As reported in the 2017 Farm Census, there are two million farms in the US, but only 35,470 of those are owned by blacks. In West Virginia, military veteran farmer Jason Tartt is trying to change that. Tartt grew up in the state and remembers how black people in his community used to be farmers. However, as the Mountain State’s black population has shrunk — a result of declining coal-mining jobs — much of West Virginia’s fertile land has been overlooked. For Tartt, farming is a way to build a sustainable agricultural economy while empowering other black people. In addition to cultivating the land with orchards and beehives, he started a farm with the late farmer Skye Edwards, partnered with West Virginia State University’s Extension Service to create a program for black and brown farmers, and then founded the nonprofit American Youth Agripreneur Association to develop young black farmers. Read more about Tartt’s inspirational work and farming redevelopment efforts at Yes! Magazine.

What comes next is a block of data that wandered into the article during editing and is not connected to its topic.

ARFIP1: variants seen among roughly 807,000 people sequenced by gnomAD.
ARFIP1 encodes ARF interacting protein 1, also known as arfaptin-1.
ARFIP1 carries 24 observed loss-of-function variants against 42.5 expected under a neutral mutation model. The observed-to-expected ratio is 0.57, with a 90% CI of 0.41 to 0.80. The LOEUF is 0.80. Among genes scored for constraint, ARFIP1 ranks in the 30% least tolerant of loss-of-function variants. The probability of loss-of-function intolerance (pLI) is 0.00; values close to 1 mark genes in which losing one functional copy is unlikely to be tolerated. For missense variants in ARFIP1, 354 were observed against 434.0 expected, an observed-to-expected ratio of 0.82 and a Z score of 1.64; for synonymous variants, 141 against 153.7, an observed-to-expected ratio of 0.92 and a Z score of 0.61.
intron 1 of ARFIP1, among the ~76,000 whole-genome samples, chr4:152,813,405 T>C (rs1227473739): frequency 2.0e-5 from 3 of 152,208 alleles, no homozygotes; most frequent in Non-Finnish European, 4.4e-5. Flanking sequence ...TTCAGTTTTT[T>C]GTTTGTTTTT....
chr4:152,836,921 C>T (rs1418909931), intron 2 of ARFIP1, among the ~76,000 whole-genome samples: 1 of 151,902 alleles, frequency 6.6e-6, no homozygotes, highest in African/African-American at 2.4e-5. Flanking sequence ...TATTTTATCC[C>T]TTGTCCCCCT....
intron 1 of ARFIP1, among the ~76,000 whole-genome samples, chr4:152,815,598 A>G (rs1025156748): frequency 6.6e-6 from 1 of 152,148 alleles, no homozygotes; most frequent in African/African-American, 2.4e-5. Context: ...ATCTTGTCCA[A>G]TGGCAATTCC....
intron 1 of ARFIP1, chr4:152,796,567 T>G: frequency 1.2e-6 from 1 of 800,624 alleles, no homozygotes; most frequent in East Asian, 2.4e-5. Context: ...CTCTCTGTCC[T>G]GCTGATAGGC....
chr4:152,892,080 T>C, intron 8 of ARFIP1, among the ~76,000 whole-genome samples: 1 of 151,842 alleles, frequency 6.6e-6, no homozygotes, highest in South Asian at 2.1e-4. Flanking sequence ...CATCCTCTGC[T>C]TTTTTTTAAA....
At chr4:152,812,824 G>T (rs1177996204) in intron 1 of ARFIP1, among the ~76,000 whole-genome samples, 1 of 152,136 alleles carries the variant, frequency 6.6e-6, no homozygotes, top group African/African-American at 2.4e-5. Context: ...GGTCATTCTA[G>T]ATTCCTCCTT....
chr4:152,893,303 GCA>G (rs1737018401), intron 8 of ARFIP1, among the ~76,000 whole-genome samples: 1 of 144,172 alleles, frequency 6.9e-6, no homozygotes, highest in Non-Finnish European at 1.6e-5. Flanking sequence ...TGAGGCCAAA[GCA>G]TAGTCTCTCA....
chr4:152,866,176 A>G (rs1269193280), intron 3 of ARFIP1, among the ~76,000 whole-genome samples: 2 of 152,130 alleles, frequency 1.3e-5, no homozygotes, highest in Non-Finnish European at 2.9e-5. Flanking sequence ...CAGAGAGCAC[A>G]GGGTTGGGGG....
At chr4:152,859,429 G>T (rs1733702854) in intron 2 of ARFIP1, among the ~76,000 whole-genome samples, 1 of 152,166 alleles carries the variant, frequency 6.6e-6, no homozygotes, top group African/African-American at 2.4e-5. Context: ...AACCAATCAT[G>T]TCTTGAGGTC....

Image courtesy of Rebecca Haddix/USDA